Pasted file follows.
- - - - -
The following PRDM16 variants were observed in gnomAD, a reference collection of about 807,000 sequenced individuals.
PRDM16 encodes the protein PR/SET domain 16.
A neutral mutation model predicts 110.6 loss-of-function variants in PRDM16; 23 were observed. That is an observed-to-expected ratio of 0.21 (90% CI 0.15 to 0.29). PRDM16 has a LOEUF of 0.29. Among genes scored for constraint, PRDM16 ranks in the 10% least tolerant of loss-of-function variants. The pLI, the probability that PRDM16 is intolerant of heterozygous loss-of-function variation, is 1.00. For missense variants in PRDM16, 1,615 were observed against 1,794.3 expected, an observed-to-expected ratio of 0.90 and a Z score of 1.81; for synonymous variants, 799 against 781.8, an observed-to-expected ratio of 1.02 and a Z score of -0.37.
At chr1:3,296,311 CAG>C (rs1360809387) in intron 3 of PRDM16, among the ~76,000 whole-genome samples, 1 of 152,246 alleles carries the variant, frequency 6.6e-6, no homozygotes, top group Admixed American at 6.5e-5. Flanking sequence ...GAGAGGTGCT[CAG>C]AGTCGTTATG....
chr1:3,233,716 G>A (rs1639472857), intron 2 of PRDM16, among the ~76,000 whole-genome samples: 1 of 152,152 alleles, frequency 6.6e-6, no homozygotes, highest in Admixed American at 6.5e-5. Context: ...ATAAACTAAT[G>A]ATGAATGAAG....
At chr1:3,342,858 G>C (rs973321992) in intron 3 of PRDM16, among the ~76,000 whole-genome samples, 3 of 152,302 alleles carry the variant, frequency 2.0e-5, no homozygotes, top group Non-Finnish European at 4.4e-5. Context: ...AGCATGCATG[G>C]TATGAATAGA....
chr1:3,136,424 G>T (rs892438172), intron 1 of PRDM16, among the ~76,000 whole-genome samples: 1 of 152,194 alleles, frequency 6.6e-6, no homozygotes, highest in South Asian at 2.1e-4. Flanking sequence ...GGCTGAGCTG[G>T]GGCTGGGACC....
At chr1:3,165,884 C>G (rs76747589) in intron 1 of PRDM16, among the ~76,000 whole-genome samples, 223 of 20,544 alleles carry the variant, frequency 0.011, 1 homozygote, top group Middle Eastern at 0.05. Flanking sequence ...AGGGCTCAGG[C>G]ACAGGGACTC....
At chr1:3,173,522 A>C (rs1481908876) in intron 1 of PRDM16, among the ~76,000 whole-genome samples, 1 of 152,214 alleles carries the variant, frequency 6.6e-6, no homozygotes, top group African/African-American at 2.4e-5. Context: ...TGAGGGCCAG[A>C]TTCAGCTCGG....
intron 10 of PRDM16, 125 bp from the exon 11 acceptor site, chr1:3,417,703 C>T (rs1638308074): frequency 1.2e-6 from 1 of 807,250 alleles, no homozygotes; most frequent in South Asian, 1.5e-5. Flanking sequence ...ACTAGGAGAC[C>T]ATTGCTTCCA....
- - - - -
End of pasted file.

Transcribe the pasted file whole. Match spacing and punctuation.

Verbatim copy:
The following PRDM16 variants were observed in gnomAD, a reference collection of about 807,000 sequenced individuals.
PRDM16 encodes the protein PR/SET domain 16.
A neutral mutation model predicts 110.6 loss-of-function variants in PRDM16; 23 were observed. That is an observed-to-expected ratio of 0.21 (90% CI 0.15 to 0.29). PRDM16 has a LOEUF of 0.29. Among genes scored for constraint, PRDM16 ranks in the 10% least tolerant of loss-of-function variants. The pLI, the probability that PRDM16 is intolerant of heterozygous loss-of-function variation, is 1.00. For missense variants in PRDM16, 1,615 were observed against 1,794.3 expected, an observed-to-expected ratio of 0.90 and a Z score of 1.81; for synonymous variants, 799 against 781.8, an observed-to-expected ratio of 1.02 and a Z score of -0.37.
At chr1:3,296,311 CAG>C (rs1360809387) in intron 3 of PRDM16, among the ~76,000 whole-genome samples, 1 of 152,246 alleles carries the variant, frequency 6.6e-6, no homozygotes, top group Admixed American at 6.5e-5. Flanking sequence ...GAGAGGTGCT[CAG>C]AGTCGTTATG....
chr1:3,233,716 G>A (rs1639472857), intron 2 of PRDM16, among the ~76,000 whole-genome samples: 1 of 152,152 alleles, frequency 6.6e-6, no homozygotes, highest in Admixed American at 6.5e-5. Context: ...ATAAACTAAT[G>A]ATGAATGAAG....
At chr1:3,342,858 G>C (rs973321992) in intron 3 of PRDM16, among the ~76,000 whole-genome samples, 3 of 152,302 alleles carry the variant, frequency 2.0e-5, no homozygotes, top group Non-Finnish European at 4.4e-5. Context: ...AGCATGCATG[G>C]TATGAATAGA....
chr1:3,136,424 G>T (rs892438172), intron 1 of PRDM16, among the ~76,000 whole-genome samples: 1 of 152,194 alleles, frequency 6.6e-6, no homozygotes, highest in South Asian at 2.1e-4. Flanking sequence ...GGCTGAGCTG[G>T]GGCTGGGACC....
At chr1:3,165,884 C>G (rs76747589) in intron 1 of PRDM16, among the ~76,000 whole-genome samples, 223 of 20,544 alleles carry the variant, frequency 0.011, 1 homozygote, top group Middle Eastern at 0.05. Flanking sequence ...AGGGCTCAGG[C>G]ACAGGGACTC....
At chr1:3,173,522 A>C (rs1481908876) in intron 1 of PRDM16, among the ~76,000 whole-genome samples, 1 of 152,214 alleles carries the variant, frequency 6.6e-6, no homozygotes, top group African/African-American at 2.4e-5. Context: ...TGAGGGCCAG[A>C]TTCAGCTCGG....
intron 10 of PRDM16, 125 bp from the exon 11 acceptor site, chr1:3,417,703 C>T (rs1638308074): frequency 1.2e-6 from 1 of 807,250 alleles, no homozygotes; most frequent in South Asian, 1.5e-5. Flanking sequence ...ACTAGGAGAC[C>T]ATTGCTTCCA....